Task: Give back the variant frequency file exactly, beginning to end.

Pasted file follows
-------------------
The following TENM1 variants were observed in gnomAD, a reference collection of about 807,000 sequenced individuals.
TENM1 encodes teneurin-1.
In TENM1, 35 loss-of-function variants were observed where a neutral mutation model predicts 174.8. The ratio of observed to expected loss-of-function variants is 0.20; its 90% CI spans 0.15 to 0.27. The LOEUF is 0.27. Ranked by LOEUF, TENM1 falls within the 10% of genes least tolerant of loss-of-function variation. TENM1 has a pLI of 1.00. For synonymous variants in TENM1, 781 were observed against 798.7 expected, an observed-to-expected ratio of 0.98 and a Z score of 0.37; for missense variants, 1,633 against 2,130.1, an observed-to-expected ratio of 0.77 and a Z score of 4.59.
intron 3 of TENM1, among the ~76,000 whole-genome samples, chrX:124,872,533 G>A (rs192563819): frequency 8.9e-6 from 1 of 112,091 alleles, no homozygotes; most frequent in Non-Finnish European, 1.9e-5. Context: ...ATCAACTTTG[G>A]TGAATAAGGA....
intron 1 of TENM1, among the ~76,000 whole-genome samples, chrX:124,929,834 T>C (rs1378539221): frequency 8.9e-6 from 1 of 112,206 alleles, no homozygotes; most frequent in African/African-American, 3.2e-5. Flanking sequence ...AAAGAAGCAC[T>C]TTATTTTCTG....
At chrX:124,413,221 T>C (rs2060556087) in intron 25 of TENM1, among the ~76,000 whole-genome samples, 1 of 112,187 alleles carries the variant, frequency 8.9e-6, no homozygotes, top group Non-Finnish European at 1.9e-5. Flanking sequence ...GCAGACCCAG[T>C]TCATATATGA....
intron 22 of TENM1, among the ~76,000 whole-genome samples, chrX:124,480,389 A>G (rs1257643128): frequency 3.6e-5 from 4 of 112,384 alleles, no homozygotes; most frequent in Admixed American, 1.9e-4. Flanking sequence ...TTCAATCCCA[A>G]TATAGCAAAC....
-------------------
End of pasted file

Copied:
The following TENM1 variants were observed in gnomAD, a reference collection of about 807,000 sequenced individuals.
TENM1 encodes teneurin-1.
In TENM1, 35 loss-of-function variants were observed where a neutral mutation model predicts 174.8. The ratio of observed to expected loss-of-function variants is 0.20; its 90% CI spans 0.15 to 0.27. The LOEUF is 0.27. Ranked by LOEUF, TENM1 falls within the 10% of genes least tolerant of loss-of-function variation. TENM1 has a pLI of 1.00. For synonymous variants in TENM1, 781 were observed against 798.7 expected, an observed-to-expected ratio of 0.98 and a Z score of 0.37; for missense variants, 1,633 against 2,130.1, an observed-to-expected ratio of 0.77 and a Z score of 4.59.
intron 3 of TENM1, among the ~76,000 whole-genome samples, chrX:124,872,533 G>A (rs192563819): frequency 8.9e-6 from 1 of 112,091 alleles, no homozygotes; most frequent in Non-Finnish European, 1.9e-5. Context: ...ATCAACTTTG[G>A]TGAATAAGGA....
intron 1 of TENM1, among the ~76,000 whole-genome samples, chrX:124,929,834 T>C (rs1378539221): frequency 8.9e-6 from 1 of 112,206 alleles, no homozygotes; most frequent in African/African-American, 3.2e-5. Flanking sequence ...AAAGAAGCAC[T>C]TTATTTTCTG....
At chrX:124,413,221 T>C (rs2060556087) in intron 25 of TENM1, among the ~76,000 whole-genome samples, 1 of 112,187 alleles carries the variant, frequency 8.9e-6, no homozygotes, top group Non-Finnish European at 1.9e-5. Flanking sequence ...GCAGACCCAG[T>C]TCATATATGA....
intron 22 of TENM1, among the ~76,000 whole-genome samples, chrX:124,480,389 A>G (rs1257643128): frequency 3.6e-5 from 4 of 112,384 alleles, no homozygotes; most frequent in Admixed American, 1.9e-4. Flanking sequence ...TTCAATCCCA[A>G]TATAGCAAAC....